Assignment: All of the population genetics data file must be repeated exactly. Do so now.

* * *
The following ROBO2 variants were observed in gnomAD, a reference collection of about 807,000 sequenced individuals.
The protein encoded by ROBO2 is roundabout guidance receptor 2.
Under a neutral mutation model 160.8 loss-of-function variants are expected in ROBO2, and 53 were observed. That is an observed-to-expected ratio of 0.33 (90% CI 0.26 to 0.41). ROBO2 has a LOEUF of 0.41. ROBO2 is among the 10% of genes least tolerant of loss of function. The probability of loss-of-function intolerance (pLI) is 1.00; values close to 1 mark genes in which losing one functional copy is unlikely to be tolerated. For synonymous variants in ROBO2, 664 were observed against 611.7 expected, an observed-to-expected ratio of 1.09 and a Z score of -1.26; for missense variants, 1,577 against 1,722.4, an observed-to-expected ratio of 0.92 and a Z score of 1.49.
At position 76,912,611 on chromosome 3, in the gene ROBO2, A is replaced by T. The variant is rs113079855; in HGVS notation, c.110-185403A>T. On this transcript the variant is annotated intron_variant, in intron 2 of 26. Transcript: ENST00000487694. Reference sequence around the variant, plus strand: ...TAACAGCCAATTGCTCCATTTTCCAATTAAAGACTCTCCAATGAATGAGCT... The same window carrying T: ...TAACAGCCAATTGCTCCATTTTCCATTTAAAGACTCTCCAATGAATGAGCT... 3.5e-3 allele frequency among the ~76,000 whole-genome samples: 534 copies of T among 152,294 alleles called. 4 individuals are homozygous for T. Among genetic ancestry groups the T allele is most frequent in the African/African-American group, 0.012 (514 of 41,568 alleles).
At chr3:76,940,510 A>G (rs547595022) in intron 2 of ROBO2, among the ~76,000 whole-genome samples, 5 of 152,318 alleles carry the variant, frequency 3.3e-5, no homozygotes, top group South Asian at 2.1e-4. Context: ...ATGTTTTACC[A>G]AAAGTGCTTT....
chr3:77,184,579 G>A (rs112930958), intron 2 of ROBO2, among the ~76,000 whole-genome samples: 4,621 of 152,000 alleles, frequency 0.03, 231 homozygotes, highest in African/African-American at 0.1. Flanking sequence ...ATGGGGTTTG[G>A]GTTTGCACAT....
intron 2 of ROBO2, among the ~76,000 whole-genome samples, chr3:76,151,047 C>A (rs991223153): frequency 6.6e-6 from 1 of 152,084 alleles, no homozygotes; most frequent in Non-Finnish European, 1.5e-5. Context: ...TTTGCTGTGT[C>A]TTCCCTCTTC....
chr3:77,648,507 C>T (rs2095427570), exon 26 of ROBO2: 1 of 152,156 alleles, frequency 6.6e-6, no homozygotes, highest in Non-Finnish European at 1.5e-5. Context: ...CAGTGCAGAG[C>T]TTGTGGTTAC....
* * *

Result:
The following ROBO2 variants were observed in gnomAD, a reference collection of about 807,000 sequenced individuals.
The protein encoded by ROBO2 is roundabout guidance receptor 2.
Under a neutral mutation model 160.8 loss-of-function variants are expected in ROBO2, and 53 were observed. That is an observed-to-expected ratio of 0.33 (90% CI 0.26 to 0.41). ROBO2 has a LOEUF of 0.41. ROBO2 is among the 10% of genes least tolerant of loss of function. The probability of loss-of-function intolerance (pLI) is 1.00; values close to 1 mark genes in which losing one functional copy is unlikely to be tolerated. For synonymous variants in ROBO2, 664 were observed against 611.7 expected, an observed-to-expected ratio of 1.09 and a Z score of -1.26; for missense variants, 1,577 against 1,722.4, an observed-to-expected ratio of 0.92 and a Z score of 1.49.
At position 76,912,611 on chromosome 3, in the gene ROBO2, A is replaced by T. The variant is rs113079855; in HGVS notation, c.110-185403A>T. On this transcript the variant is annotated intron_variant, in intron 2 of 26. Transcript: ENST00000487694. Reference sequence around the variant, plus strand: ...TAACAGCCAATTGCTCCATTTTCCAATTAAAGACTCTCCAATGAATGAGCT... The same window carrying T: ...TAACAGCCAATTGCTCCATTTTCCATTTAAAGACTCTCCAATGAATGAGCT... 3.5e-3 allele frequency among the ~76,000 whole-genome samples: 534 copies of T among 152,294 alleles called. 4 individuals are homozygous for T. Among genetic ancestry groups the T allele is most frequent in the African/African-American group, 0.012 (514 of 41,568 alleles).
At chr3:76,940,510 A>G (rs547595022) in intron 2 of ROBO2, among the ~76,000 whole-genome samples, 5 of 152,318 alleles carry the variant, frequency 3.3e-5, no homozygotes, top group South Asian at 2.1e-4. Context: ...ATGTTTTACC[A>G]AAAGTGCTTT....
chr3:77,184,579 G>A (rs112930958), intron 2 of ROBO2, among the ~76,000 whole-genome samples: 4,621 of 152,000 alleles, frequency 0.03, 231 homozygotes, highest in African/African-American at 0.1. Flanking sequence ...ATGGGGTTTG[G>A]GTTTGCACAT....
intron 2 of ROBO2, among the ~76,000 whole-genome samples, chr3:76,151,047 C>A (rs991223153): frequency 6.6e-6 from 1 of 152,084 alleles, no homozygotes; most frequent in Non-Finnish European, 1.5e-5. Context: ...TTTGCTGTGT[C>A]TTCCCTCTTC....
chr3:77,648,507 C>T (rs2095427570), exon 26 of ROBO2: 1 of 152,156 alleles, frequency 6.6e-6, no homozygotes, highest in Non-Finnish European at 1.5e-5. Context: ...CAGTGCAGAG[C>T]TTGTGGTTAC....